“Do you remember that this was produced by Cyabingo the country boy?”
“I couldn’t imagine that such a country boy could do such a wonderful job!” one of the guys exclaimed.
“He is amazing!” another one added.
I liked the way the city boys were behaving. At the end of the first trimester, I scored the highest grade in our class.
“No country! No city!” one of the classmates exclaimed. “We are all capable!”
I knew that I had to work harder to prove that I was capable. My mother had begged me to work hard even in situations where things seemed impossible.
“Work harder notwithstanding other people’s scourges,” she always told me.
‘We must not ignore the importance of peasants.’
There was no way I could have reached the cities if I hadn’t studied hard. I needed to prove the peasants’ role in our overall development.
It is hard to tell your university students that you were brought up in the countryside.
When I was in primary school, I could not imagine that I would reach the city. But I believed in Mandela’s adage: “It always seems impossible until it’s done.” This spurred my effort. I later entered a university and secured a job as a high school, then university teacher. I shared stories of my countryside life with my students, but they couldn’t believe it. They thought I came from a big city.
Cities are places where many of us would like to dwell. There are many advantages in the city that cannot be found in the countryside. In a city you meet new people and gain new ideas and experiences. You can find jobs easily. You can use the infrastructure to make money.
However, we must not ignore the importance of peasants or believe clichés about them. We need to value the place where the good harvest originates and which allows us to enjoy dinners. In the countryside, you will find more space, clean air, fresh fruit and vegetables. Many Americans are moving to the country as city life is drastically becoming harder and stressful. The countryside can be safer, and there can be less stress. Life in the countryside is generally cheaper.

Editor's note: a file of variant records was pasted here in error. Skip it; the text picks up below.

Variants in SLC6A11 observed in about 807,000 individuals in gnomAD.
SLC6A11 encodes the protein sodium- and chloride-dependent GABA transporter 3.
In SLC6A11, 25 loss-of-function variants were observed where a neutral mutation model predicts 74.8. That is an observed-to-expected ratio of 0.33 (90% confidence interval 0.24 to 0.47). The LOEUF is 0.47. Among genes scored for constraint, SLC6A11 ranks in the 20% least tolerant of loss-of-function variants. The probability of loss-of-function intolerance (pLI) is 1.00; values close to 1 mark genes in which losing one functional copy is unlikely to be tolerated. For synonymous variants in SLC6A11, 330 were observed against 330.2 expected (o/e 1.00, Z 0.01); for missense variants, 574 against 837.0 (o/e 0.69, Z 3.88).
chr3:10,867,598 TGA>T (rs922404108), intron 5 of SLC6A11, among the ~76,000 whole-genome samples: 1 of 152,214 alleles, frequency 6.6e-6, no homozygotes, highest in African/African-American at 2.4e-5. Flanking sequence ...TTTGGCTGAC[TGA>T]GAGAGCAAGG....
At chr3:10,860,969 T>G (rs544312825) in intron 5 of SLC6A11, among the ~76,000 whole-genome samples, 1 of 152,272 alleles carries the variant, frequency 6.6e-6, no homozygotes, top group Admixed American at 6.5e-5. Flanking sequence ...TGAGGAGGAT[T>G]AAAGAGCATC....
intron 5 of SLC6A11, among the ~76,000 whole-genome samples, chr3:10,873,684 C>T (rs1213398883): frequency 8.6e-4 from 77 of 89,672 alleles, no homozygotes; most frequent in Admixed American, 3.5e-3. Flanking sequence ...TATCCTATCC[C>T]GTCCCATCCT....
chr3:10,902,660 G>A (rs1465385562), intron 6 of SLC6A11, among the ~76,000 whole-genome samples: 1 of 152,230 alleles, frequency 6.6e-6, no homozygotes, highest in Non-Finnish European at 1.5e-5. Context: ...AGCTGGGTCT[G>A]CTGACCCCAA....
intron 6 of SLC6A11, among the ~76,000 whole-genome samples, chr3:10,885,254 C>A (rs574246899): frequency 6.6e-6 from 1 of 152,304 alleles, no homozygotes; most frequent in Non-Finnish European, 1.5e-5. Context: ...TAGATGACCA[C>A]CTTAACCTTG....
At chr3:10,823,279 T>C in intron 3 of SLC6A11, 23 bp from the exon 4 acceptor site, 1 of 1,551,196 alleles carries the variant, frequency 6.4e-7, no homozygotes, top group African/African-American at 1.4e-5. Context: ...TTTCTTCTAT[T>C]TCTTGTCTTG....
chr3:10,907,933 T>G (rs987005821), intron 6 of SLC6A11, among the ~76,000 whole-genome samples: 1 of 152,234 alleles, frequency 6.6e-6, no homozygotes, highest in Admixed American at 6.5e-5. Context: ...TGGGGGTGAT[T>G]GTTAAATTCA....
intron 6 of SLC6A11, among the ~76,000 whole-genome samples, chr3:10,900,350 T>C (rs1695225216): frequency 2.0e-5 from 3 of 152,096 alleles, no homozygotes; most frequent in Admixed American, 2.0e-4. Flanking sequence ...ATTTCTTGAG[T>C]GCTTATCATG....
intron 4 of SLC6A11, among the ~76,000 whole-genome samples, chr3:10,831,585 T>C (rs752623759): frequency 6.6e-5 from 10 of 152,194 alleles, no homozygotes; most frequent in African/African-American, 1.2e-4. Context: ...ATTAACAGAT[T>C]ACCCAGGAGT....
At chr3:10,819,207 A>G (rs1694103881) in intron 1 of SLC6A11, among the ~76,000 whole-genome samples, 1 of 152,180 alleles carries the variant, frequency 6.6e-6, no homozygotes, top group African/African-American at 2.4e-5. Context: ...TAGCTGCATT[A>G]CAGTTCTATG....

There is good produce from the countryside that we enjoy in our cities. Many intellectuals were raised in the countryside. Determination is what makes us who we are, not the place of birth.
Similarly, peasants use resources from the city. How could we survive without fruit from the hills? And how could we survive without selling our produce to clients in the city? We depend on one another.
I live in the city now, but I still long for the countryside. The beauty of the hills, the kindness of the people who grow crops that they will carry to the city to earn money, make me love the place. I can’t hide the fact that I come from the countryside. I am proud of my origins.
After realizing how city people enjoy produce from the countryside, I learned that people are interdependent. I rejected the notion that people could urbanize themselves while hiding their rural roots. I never try to hide my origins. Youth have come to believe that even the people in the countryside are capable of producing great things. Let us unite and combat stereotyping. We are interdependent. Differences exist so that we can complement each other.
Three questions to consider:
- What stereotypes of the countryside persist among city dwellers in your country?
- What are some of the possible advantages of living in the countryside?
- How do those in the country contribute to the development of cities?
Vedaste Nsengiyumva grew up in rural Rwanda. He has two master’s degrees, in English and English Language Teaching, and is an assistant lecturer at Kepler in the Rwandan capital of Kigali where he teaches Communications. Between 2008 and 2018, he taught English at the University of Rwanda.